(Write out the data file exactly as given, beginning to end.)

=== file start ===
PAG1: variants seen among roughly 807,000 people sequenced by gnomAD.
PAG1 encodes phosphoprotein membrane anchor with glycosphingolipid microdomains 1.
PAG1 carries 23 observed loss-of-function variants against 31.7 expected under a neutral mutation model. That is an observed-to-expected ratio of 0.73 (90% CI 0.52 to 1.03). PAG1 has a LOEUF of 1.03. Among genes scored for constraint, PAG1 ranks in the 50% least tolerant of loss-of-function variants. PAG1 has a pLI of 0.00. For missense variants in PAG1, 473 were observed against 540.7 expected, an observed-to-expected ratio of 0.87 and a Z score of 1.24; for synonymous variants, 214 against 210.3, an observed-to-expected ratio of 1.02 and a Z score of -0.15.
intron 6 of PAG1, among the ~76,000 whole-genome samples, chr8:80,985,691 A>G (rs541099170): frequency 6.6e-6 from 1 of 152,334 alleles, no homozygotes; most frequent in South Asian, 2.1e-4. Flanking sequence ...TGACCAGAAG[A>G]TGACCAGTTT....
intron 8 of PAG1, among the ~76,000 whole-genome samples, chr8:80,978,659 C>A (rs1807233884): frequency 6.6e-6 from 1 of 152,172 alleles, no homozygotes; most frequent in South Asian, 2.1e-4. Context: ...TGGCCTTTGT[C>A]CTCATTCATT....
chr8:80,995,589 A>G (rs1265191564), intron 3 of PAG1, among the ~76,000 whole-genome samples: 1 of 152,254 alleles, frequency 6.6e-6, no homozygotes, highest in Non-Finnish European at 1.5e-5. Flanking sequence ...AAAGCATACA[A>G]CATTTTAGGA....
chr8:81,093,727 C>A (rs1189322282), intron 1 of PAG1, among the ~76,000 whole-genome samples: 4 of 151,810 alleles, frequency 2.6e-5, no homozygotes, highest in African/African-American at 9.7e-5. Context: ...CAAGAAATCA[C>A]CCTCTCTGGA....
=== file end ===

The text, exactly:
PAG1: variants seen among roughly 807,000 people sequenced by gnomAD.
PAG1 encodes phosphoprotein membrane anchor with glycosphingolipid microdomains 1.
PAG1 carries 23 observed loss-of-function variants against 31.7 expected under a neutral mutation model. That is an observed-to-expected ratio of 0.73 (90% CI 0.52 to 1.03). PAG1 has a LOEUF of 1.03. Among genes scored for constraint, PAG1 ranks in the 50% least tolerant of loss-of-function variants. PAG1 has a pLI of 0.00. For missense variants in PAG1, 473 were observed against 540.7 expected, an observed-to-expected ratio of 0.87 and a Z score of 1.24; for synonymous variants, 214 against 210.3, an observed-to-expected ratio of 1.02 and a Z score of -0.15.
intron 6 of PAG1, among the ~76,000 whole-genome samples, chr8:80,985,691 A>G (rs541099170): frequency 6.6e-6 from 1 of 152,334 alleles, no homozygotes; most frequent in South Asian, 2.1e-4. Flanking sequence ...TGACCAGAAG[A>G]TGACCAGTTT....
intron 8 of PAG1, among the ~76,000 whole-genome samples, chr8:80,978,659 C>A (rs1807233884): frequency 6.6e-6 from 1 of 152,172 alleles, no homozygotes; most frequent in South Asian, 2.1e-4. Context: ...TGGCCTTTGT[C>A]CTCATTCATT....
chr8:80,995,589 A>G (rs1265191564), intron 3 of PAG1, among the ~76,000 whole-genome samples: 1 of 152,254 alleles, frequency 6.6e-6, no homozygotes, highest in Non-Finnish European at 1.5e-5. Flanking sequence ...AAAGCATACA[A>G]CATTTTAGGA....
chr8:81,093,727 C>A (rs1189322282), intron 1 of PAG1, among the ~76,000 whole-genome samples: 4 of 151,810 alleles, frequency 2.6e-5, no homozygotes, highest in African/African-American at 9.7e-5. Context: ...CAAGAAATCA[C>A]CCTCTCTGGA....